A recent Bloomberg published article ‘Volker slayed inflation. Bernanke saved the banks. Can Powell do both?’ highlighted the difficult task with the current chairman of US Federal Reserve, Jerome Powell, of both managing inflation, and avoiding a banking crisis, as follows: ‘History remembers Paul Volcker as the slayer of inflation, and Ben Bernanke as the crisis firefighter. Jerome Powell is in danger of having to play both roles at once – or, what may be worse, to choose between them. … Just a couple of weeks ago, threats to financial stability barely registered on the troubleshooting list for central bankers. Now they’ve rocketed toward the top. …the basic problem for monetary chiefs is that, in extremis, policy prescriptions for taming prices and bolstering banks point in opposite directions. To get inflation down, central banks jack up rates and withdraw liquidity from the banking system. To short-circuit crises, they shove money out to stricken lenders and cut the cost of credit. And the danger is that they end up with the worst of both worlds: A full-blown crisis that triggers a recession. That would force central banks to abandon the inflation fight before it’s finished, as they rush to shore up a teetering financial system.’
While the Bloomberg article frames the dilemma quite well with regard to the difficult challenge at hand for the US Federal Reserve, former Finance Minister for Greece, Yanis Varoufakis, in his recent PS published article ‘Let the banks burn’ calls for breaking the mantra quite prevalent since GFC of bailing out the banks and creditors through keeping high interest rate and providing stimulus, since this formula has left the general public hanging in unnecessary economic distress. Instead of bailing out the banks that have been unjustifiably risk taking for quick profits, the more socially-responsible ones should remain.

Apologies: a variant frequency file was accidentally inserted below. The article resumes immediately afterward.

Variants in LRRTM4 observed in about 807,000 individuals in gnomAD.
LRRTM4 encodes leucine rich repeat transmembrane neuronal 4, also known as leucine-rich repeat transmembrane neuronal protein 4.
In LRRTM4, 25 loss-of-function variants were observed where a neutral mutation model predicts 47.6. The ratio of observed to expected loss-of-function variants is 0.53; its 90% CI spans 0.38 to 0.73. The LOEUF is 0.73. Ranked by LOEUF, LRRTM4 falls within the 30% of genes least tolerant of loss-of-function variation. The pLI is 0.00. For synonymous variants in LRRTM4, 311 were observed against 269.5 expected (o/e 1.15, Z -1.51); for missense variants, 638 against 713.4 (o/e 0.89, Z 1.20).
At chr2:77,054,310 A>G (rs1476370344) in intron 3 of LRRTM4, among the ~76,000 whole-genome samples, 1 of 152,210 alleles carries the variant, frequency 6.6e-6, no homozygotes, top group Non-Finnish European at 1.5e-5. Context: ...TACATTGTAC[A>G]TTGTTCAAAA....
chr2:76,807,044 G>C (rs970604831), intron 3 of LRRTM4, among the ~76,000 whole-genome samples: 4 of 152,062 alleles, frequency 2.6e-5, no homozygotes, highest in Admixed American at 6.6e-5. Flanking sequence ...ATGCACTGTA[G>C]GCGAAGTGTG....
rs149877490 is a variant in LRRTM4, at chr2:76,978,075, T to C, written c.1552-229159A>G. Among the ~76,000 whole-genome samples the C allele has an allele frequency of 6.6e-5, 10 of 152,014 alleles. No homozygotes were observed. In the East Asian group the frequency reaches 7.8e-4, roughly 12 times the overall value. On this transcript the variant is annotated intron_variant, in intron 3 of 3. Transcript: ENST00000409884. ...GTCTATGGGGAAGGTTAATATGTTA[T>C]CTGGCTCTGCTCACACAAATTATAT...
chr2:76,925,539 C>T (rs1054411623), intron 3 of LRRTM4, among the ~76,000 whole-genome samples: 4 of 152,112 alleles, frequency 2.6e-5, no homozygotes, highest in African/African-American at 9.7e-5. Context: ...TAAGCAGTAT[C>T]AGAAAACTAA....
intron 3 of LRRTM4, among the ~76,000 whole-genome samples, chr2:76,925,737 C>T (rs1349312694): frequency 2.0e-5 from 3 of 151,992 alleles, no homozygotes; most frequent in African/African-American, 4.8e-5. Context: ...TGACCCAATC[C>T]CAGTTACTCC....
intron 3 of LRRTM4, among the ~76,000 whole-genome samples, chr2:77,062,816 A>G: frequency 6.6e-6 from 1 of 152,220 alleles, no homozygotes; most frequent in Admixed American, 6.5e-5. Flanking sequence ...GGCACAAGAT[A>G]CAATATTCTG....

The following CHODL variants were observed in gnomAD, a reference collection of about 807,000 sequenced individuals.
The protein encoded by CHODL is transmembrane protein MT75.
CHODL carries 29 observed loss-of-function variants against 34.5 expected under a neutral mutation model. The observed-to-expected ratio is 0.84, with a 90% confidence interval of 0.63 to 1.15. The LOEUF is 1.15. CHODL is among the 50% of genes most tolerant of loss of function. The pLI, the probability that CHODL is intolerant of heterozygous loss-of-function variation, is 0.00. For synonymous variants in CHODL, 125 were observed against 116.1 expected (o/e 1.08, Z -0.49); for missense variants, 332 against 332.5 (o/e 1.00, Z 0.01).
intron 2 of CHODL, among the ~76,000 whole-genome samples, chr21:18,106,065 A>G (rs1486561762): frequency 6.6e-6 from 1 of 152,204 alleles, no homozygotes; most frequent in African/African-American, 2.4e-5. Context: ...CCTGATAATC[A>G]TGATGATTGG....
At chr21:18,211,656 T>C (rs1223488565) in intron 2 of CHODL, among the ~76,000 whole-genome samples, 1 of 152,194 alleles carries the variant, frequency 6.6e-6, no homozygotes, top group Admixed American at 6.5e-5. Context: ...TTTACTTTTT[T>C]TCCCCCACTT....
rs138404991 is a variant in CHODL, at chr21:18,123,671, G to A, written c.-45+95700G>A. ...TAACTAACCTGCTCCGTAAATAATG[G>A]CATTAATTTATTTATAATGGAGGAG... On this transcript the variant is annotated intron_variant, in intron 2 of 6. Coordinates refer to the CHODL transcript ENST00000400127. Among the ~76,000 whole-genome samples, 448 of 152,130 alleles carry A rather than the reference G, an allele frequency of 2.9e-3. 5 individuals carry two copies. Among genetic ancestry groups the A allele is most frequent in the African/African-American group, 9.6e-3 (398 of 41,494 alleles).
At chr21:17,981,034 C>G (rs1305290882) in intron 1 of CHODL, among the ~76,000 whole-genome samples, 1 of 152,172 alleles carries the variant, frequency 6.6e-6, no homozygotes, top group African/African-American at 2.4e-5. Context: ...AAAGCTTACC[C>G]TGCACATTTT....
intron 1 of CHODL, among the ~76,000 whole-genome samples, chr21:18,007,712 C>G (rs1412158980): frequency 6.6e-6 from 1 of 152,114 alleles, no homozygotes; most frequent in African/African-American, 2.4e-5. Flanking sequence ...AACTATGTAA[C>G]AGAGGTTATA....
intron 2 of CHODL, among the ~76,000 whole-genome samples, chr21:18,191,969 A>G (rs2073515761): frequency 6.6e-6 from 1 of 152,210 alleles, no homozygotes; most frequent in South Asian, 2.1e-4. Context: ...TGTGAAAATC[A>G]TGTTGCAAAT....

He argued in the article in this regard: ‘Faced with the stark choice between curbing inflation and saving the banks, venerable commentators appeal to central banks to do both: to continue hiking interest rates while continuing with the post-2008 socialism-for-bankers policy, which, other things being equal, is the only way to stop the banks from falling like dominoes. Only this strategy – tightening the monetary noose around society’s neck while lavishing bailouts on the banking system – can simultaneously serve the interests of creditors and banks. … The banking system we take for granted is unfixable. That’s the bad news. But we no longer need to rely on any private, rent-seeking, socially destabilizing network of banks, at least not the way we have so far. The time has come to blow up an irredeemable banking system which delivers for property owners and shareholders at the expense of the majority.’
(The writer holds a PhD in Economics from the University of Barcelona; he previously worked at the International Monetary Fund)Dr Omer Javed, "SDR allocation, monetary tightening, inflation, and banking crisis," Business recorder. 2023-03-31.
Keywords: Economics , Domestic policy , Financial crisis , Global crises , Inflation fight , Bankers policy , International Monetary Fund , Silicon valley bank